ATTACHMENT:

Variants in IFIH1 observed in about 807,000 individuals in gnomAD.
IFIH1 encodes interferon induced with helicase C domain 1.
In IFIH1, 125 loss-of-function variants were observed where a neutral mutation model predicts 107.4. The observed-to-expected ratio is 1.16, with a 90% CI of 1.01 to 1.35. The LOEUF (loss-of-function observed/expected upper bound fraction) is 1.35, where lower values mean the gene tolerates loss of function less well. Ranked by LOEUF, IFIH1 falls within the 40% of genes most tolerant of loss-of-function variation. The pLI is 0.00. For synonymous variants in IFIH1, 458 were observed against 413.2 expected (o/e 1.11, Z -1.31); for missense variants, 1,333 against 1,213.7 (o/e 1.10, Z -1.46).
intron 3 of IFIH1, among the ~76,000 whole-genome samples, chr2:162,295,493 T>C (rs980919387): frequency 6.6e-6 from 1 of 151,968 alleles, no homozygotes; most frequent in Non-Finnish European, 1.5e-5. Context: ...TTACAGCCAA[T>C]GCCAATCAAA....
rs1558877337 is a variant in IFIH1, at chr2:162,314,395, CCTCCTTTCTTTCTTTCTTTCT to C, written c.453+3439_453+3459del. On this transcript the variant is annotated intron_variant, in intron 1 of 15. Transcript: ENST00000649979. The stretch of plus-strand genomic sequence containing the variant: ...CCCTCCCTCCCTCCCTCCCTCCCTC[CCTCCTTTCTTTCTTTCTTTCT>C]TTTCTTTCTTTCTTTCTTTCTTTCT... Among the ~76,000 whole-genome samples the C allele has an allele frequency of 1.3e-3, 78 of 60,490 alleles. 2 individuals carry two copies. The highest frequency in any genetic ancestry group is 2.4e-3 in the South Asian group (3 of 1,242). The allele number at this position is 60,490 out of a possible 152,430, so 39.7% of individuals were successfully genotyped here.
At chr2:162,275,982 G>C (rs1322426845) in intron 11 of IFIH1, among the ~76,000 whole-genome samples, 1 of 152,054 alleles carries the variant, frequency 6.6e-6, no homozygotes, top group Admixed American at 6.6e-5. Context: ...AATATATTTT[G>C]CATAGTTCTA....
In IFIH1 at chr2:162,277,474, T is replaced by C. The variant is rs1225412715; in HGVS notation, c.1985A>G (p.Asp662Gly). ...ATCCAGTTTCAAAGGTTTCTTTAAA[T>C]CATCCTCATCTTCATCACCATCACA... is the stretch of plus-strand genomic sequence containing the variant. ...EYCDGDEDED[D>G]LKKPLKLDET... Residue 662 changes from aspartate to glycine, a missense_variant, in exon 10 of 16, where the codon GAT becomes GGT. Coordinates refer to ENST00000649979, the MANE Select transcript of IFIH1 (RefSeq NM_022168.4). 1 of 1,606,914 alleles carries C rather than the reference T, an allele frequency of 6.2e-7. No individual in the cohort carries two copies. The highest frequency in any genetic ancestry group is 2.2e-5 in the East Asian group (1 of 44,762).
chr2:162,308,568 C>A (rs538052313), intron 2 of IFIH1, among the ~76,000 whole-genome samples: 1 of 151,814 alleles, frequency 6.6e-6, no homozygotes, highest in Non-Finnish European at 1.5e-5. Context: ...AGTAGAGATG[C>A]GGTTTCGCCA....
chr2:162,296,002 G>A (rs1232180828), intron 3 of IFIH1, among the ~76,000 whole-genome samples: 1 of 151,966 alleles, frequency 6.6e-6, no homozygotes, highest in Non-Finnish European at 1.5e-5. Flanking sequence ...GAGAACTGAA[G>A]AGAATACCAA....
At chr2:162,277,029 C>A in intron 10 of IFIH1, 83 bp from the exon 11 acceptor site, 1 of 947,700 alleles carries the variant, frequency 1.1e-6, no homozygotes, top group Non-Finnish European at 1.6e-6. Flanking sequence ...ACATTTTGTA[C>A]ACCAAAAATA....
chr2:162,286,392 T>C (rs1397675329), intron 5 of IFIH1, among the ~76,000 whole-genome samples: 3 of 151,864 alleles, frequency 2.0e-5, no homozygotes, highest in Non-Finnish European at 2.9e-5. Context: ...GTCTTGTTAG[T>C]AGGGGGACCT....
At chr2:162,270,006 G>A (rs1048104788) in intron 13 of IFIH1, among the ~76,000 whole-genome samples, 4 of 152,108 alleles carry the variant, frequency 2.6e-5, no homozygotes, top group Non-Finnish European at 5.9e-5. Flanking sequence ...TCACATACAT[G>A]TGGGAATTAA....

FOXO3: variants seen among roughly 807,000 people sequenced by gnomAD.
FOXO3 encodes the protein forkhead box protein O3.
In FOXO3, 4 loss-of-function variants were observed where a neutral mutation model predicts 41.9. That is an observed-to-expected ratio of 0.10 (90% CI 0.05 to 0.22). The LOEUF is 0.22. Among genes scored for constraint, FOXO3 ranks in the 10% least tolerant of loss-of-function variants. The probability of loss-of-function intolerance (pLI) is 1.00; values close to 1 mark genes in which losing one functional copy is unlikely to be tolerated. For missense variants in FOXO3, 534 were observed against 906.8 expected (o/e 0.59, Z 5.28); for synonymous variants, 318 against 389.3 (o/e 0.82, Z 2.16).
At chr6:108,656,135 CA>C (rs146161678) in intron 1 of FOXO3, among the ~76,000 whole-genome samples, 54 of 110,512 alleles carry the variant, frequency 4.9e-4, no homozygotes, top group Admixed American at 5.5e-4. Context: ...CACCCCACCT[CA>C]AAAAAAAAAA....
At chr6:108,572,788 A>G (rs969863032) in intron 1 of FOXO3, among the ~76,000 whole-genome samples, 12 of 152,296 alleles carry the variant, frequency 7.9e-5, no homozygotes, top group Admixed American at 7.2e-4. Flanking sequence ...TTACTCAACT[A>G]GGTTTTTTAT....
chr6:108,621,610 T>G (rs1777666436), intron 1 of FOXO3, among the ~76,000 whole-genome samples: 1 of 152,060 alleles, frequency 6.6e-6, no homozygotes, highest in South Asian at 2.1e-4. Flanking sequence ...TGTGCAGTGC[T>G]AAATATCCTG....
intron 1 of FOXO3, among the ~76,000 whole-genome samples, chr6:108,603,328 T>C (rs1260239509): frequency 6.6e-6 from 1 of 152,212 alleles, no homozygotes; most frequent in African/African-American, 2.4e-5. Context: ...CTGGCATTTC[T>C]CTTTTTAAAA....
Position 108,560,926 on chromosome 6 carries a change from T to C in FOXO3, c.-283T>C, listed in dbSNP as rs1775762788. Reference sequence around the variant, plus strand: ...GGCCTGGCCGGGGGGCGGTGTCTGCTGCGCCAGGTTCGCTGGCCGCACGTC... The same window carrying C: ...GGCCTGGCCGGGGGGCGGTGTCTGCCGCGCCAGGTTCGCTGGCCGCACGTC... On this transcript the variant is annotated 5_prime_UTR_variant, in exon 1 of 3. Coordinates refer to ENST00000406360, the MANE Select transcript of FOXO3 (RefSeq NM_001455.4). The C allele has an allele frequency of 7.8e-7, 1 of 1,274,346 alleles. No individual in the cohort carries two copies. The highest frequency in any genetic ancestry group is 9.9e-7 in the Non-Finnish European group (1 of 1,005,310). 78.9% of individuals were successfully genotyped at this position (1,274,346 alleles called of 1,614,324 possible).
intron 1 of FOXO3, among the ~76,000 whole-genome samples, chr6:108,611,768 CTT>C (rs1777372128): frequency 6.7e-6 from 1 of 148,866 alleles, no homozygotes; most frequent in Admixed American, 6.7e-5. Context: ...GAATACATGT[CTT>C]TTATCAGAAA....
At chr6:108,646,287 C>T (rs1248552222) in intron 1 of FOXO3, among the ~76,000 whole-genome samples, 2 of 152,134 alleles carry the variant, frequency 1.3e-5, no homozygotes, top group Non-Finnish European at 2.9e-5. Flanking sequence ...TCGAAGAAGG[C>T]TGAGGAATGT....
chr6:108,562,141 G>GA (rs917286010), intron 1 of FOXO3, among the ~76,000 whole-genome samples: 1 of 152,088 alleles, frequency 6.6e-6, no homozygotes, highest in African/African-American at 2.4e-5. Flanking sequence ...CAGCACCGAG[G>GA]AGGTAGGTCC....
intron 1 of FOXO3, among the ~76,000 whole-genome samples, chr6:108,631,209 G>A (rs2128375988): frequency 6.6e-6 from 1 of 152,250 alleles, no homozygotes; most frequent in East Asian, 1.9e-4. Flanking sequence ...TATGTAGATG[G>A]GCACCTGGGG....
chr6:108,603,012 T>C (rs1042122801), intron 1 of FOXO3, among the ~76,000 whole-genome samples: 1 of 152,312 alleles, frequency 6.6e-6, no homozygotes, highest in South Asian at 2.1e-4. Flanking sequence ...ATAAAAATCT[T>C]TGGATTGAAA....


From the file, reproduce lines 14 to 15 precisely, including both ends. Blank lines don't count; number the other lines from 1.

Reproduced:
FOXO3 encodes the protein forkhead box protein O3.
In FOXO3, 4 loss-of-function variants were observed where a neutral mutation model predicts 41.9. That is an observed-to-expected ratio of 0.10 (90% CI 0.05 to 0.22). The LOEUF is 0.22. Among genes scored for constraint, FOXO3 ranks in the 10% least tolerant of loss-of-function variants. The probability of loss-of-function intolerance (pLI) is 1.00; values close to 1 mark genes in which losing one functional copy is unlikely to be tolerated. For missense variants in FOXO3, 534 were observed against 906.8 expected (o/e 0.59, Z 5.28); for synonymous variants, 318 against 389.3 (o/e 0.82, Z 2.16).